MARQUETTE - The Alger County Historical Society and The Grand Island Association are hosting a walking tour of six privately owned historic cottages on the south shore of Grand Island on Saturday.
The tour includes ferry service between the mainland and the island, a lunch catered by Johnny Dogs, souvenirs, six chances to win gifts and interpretation of the history of the cottages on the tour as well as buildings no longer in existence.
Grand Island, in Munising Bay, is a National Recreation Area maintained by the U.S. Forest Service. It is the second largest island on the south shore of Lake Superior and forms Munising and Murray's Bay, both of which served as an important section of the oldest highway in the Old Northwest. The route was used by all: voyagers, fur traders, missionaries, geologists, surveyors, prospectors, and long before that, the fishing and hunting ground of Native peoples. Before 1990, when the island became part of Hiawatha National Forest, it was owned by Cleveland-Cliffs who first maintained it as a nature preserve, a resort, and commercial maple syrup operation, allowing their executives to build summer homes on leased lots. The resort closed in 1959 followed by the maple syrup operation and the island was opened up to selective logging of its virgin timber.
Island residents were allowed to keep their summer homes when the property was transferred to the U.S. government. These cottages qualify as an example of the rustic elegance of 'great camps' that were built in the 19th century in beautiful remote locations throughout the United States.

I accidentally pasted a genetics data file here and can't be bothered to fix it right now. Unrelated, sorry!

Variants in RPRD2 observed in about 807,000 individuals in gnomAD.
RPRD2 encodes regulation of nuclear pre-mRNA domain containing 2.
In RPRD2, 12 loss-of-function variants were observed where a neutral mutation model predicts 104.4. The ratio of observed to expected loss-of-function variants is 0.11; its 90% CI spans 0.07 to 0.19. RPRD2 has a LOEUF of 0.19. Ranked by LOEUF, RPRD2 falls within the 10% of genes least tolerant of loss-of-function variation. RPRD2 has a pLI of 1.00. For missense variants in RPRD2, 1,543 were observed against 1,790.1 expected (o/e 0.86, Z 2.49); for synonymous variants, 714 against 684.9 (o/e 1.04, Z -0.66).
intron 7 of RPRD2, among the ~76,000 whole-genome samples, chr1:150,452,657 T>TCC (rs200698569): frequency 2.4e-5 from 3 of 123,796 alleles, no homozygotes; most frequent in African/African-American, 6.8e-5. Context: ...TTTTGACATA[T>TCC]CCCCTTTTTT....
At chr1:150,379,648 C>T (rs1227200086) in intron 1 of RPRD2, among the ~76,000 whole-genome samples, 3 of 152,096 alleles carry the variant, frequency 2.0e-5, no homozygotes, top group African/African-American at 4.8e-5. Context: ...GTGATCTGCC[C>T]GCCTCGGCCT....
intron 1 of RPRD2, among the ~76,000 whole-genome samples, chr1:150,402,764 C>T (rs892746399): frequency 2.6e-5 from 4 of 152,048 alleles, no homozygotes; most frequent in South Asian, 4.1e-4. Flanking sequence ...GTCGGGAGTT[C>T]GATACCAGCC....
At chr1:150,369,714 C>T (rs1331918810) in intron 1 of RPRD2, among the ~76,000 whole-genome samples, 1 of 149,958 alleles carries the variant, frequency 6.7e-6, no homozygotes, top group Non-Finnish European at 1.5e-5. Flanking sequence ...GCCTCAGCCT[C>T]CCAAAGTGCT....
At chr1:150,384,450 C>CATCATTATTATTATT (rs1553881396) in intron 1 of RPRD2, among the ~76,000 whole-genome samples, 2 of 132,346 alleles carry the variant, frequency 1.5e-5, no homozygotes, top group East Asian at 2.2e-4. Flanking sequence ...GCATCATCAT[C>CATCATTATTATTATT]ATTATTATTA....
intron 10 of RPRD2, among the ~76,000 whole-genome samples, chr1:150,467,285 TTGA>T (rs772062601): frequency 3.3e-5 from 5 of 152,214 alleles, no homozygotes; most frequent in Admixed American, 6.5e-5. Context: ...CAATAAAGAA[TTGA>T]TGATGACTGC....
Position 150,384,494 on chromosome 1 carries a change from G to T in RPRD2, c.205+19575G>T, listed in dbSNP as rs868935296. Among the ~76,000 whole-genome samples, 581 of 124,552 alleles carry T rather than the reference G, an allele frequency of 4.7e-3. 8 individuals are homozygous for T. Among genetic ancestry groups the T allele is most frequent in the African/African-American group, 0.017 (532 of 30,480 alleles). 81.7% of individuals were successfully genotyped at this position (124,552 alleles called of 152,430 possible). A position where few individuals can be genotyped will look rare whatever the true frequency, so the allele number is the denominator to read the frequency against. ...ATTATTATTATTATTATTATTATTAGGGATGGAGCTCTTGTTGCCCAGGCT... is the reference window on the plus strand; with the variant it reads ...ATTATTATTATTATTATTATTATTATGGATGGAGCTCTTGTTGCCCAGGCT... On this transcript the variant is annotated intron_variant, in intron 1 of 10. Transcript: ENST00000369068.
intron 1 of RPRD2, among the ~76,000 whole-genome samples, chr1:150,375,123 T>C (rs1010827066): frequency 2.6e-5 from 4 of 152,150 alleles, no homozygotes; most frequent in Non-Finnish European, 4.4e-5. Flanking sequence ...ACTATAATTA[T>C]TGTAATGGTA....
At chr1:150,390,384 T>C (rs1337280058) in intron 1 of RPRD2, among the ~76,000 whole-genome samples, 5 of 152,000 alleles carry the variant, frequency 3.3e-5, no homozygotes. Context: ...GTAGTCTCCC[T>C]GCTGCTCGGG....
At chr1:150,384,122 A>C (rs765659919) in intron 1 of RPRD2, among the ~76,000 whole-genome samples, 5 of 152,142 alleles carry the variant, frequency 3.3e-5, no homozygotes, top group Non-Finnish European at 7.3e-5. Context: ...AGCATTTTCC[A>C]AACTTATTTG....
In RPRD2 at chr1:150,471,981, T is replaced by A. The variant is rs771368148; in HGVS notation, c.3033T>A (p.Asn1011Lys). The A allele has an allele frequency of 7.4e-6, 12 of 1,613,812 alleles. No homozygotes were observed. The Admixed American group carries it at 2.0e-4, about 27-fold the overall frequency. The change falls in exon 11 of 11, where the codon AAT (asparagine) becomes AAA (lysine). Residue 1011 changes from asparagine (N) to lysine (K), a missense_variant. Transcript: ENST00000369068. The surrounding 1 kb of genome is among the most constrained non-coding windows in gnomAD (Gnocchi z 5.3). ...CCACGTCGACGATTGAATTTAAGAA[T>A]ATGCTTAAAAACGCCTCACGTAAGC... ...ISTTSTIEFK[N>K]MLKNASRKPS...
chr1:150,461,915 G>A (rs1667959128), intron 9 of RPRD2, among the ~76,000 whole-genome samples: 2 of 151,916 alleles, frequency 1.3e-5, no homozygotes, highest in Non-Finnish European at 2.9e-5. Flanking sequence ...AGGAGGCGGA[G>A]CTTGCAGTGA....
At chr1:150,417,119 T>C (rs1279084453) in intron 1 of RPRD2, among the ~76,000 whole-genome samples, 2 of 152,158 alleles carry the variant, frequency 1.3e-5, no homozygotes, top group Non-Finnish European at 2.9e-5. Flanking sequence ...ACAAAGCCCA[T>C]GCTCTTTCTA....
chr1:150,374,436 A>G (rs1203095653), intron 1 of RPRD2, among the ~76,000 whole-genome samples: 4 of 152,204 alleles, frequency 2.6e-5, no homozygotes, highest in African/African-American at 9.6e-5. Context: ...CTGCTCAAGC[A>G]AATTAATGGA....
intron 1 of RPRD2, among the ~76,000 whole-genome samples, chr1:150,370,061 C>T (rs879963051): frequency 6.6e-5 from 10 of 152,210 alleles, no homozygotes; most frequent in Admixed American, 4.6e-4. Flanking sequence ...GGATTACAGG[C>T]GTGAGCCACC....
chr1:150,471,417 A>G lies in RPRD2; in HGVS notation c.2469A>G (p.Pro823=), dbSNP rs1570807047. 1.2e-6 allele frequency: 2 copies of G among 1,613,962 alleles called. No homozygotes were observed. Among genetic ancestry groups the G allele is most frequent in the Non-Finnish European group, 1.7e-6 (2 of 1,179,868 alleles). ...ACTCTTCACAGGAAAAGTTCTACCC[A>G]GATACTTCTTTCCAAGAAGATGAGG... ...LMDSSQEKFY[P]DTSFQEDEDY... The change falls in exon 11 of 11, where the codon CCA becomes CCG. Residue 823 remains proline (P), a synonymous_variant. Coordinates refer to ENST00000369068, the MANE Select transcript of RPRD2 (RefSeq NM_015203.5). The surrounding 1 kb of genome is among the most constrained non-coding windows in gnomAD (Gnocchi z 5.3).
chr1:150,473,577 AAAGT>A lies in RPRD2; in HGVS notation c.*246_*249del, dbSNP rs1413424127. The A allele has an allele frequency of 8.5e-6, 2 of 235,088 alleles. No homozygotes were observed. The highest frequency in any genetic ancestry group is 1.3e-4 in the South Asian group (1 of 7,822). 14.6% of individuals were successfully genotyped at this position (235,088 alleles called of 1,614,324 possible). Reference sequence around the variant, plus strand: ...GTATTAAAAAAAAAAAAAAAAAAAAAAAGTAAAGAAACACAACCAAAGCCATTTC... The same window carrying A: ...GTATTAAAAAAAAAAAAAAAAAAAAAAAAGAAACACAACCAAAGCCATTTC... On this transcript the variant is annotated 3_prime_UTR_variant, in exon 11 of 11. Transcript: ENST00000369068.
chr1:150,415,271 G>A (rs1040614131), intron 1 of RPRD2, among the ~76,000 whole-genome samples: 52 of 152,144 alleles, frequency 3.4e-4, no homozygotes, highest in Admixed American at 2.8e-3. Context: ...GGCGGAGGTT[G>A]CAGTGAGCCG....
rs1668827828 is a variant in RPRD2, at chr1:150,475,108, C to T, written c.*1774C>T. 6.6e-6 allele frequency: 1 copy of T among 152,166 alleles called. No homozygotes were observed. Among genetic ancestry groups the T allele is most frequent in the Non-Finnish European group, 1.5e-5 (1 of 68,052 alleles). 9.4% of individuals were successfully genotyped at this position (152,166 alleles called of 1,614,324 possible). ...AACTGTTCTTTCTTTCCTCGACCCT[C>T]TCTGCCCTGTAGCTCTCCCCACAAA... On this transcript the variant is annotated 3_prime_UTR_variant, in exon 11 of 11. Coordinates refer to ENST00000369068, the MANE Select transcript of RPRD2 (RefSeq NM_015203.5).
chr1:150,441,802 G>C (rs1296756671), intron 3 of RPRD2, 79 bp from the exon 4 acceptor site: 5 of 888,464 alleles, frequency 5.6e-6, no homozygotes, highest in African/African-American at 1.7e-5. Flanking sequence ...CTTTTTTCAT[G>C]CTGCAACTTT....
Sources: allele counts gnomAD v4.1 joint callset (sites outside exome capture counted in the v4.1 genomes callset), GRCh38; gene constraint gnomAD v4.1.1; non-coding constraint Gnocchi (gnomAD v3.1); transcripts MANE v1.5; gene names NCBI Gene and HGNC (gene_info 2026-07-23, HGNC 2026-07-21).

The tour takes in the architecturally commissioned Jopling (or Reynolds) Cottage, 1911; Menge I & II Cottages,1914; and the Maitland Cottage,1911.
Also included on the tour are two of the homes Abraham Williams built on the island. As the first permanent European residents, Abraham Williams, his wife, Anna, and their large family settled on the island in 1840 living in four log buildings abandoned by the American Fur Company until their log home on the main part of the island was completed in 1841.Their second home on the island, a stately two-room Georgian Colonial style reflective of Williams' New England roots, was completed in 1867. Cleveland-Cliffs used the home as a 10-room hotel before they built the Hotel Williams. The house was connected to the hotel by a long covered porch and used as business offices and staff housing. The hotel was razed in 1966, but the Williams home was converted back into a residence.
The cottages have all been preserved by their owners and maintained as summer homes of families who have spent parts of their summers on the island for at least three generations, and some have come for as many as seven. They are a community of 11 extended families who formed the Grand Island Association to address their issues which face them as a group of island residents, as well as for social activities.
Tickets are available now and can be purchased at the Heritage Center in Munising or by calling 387-4308. Ticket cost is $100.